Have Seasonal Affective Disorder? 3 New Ways To Get Yourself Some "Sun"
Daylight Savings not only gives us more hours of sunlight to enjoy, but also helps those with SAD (Seasonal Affective Disorder). People with it have depression centered around the seasons and are particularly bummed out in the spring and early summer, with symptoms starting in the fall and winter. Signs include moodiness, less energy, problems concentrating, feeling worthless, and trouble sleeping. Doctors have found that people with SAD have high melatonin levels, low serotonin ones, and their circadian rhythms are off (which affects their energy levels, temperaments, etc.).
There are many remedies out there for SAD, from sleeping less to cutting down on caffeine and other coping mechanisms. Several doctors have weighed in, too, and determined that SAD sufferers do not have enough Vitamin D in their systems. Now, new indoor light therapies can help (often referred to as "light boxes")— and are reasonably priced — and you don't even have to step outside for sun! The American Psychiatric Association recommends this treatment method, too (sometimes coupled with medication). Even being treated with strong artificial light for just 15 minutes a day (and up to two hours) helps decrease and alleviate symptoms.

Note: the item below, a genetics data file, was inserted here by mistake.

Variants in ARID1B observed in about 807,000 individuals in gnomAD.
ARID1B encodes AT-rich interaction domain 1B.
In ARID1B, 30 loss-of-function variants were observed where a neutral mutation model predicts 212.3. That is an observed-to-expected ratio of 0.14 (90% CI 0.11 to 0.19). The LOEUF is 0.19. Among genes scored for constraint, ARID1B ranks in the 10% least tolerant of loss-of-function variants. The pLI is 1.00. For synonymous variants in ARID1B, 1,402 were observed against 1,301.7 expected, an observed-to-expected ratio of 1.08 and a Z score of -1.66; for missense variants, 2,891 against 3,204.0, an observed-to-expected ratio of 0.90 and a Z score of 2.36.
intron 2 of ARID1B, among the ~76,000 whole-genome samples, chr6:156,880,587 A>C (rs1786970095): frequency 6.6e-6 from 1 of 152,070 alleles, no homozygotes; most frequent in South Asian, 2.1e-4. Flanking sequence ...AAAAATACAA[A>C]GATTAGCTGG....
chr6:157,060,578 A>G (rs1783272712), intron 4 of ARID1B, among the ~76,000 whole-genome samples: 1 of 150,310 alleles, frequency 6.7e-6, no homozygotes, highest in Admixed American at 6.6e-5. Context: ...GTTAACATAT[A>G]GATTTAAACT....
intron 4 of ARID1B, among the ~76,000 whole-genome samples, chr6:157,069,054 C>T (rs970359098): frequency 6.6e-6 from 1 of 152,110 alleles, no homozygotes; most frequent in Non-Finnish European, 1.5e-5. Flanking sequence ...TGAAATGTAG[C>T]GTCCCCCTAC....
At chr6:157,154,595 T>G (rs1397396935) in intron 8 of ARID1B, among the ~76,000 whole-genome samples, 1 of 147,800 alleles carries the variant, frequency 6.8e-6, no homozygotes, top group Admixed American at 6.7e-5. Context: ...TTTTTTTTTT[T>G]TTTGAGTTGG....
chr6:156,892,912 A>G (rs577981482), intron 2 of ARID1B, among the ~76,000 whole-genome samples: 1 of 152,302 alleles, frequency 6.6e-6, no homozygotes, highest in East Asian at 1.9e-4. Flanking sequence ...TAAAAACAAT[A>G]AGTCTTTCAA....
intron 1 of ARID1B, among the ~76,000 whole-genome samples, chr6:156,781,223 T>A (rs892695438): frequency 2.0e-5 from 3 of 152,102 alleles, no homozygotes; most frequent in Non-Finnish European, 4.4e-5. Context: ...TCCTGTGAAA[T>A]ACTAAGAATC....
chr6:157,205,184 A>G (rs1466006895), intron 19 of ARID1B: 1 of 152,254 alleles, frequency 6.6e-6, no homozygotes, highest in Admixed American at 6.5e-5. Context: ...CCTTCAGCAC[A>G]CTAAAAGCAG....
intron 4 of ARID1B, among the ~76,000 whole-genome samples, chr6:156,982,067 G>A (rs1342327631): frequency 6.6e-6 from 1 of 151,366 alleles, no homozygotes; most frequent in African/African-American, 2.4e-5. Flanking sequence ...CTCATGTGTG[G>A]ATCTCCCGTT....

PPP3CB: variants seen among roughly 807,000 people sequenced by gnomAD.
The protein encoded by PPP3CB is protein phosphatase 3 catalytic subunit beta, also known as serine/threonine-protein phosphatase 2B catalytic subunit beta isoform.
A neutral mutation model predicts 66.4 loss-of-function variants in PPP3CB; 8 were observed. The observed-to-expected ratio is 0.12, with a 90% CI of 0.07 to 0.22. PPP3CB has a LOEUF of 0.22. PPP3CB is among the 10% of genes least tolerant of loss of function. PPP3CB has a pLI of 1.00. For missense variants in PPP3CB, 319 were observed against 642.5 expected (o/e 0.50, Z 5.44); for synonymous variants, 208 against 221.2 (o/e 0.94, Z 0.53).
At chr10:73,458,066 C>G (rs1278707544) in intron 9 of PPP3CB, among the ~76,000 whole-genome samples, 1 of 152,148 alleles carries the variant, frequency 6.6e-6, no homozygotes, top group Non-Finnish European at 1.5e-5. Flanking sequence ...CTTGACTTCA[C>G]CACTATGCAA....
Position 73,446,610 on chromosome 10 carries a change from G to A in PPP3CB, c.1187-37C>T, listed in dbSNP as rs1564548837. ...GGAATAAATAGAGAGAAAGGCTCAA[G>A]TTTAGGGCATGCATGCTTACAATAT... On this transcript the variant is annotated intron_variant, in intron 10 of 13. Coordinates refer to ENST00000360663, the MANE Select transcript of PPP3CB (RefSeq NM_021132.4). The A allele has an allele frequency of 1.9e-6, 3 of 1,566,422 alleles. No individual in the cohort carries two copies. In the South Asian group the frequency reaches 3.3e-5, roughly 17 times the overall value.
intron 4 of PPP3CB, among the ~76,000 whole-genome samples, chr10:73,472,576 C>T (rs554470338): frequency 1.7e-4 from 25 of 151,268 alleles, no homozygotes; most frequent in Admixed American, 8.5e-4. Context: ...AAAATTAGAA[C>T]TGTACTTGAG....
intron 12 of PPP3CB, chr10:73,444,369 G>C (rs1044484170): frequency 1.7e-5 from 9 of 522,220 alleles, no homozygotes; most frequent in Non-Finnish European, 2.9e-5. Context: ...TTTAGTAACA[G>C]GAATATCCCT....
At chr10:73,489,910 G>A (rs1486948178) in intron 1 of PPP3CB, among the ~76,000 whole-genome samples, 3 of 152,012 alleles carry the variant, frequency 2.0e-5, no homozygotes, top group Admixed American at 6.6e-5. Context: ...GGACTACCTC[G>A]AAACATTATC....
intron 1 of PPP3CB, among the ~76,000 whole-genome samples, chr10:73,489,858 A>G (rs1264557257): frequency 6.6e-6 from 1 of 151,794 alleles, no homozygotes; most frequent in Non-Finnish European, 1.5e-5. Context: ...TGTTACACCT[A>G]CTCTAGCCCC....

The lights contain ultraviolet light (be sure to check if the one you're getting is FDA approved or not!) and come in various degrees of intensities. These are referred to as "lux," "which is a measure of the amount of light you receive at a specific distance from a light source," says the Mayo Clinic.
For light therapy to be effective, the Mayo Clinic says there are three key elements: Duration (15 minutes to 2 hours, depending on lux intensity), Timing (usually first thing in the morning), and Intensity (2,500 lux to 10,000 lux). The lower the lux, the longer doctors recommend patients use the light box. The L.A. Times reported on the following light therapies (all of which received rave reviews on Amazon):
- SunTouch Plus by Nature Bright ($169); 10,000 lux, 15-minute increments for up to 60 minutes. "My desk lighted up like a Broadway production with a bluish ambience," said Elise Oberliesen of the L.A. Times.
- Lightphoria Energy Light Lamp ($70); 5,000 lux, 8,000 lux and 10,000 lux, and a timer that can be set for 15, 30 or 45 minutes. "The design--the light would easily fit in a suitcase--is ideal for frequent travelers," Oberliesen said.
- Light Box Daylight Simulator ($159); 7,000 and 10,000 lux. "The company suggests placing the lamp about 12 inches away," said Oberliesen.
Hopefully, you'll be feeling better in no time — whether you're getting real sun or getting in some lux.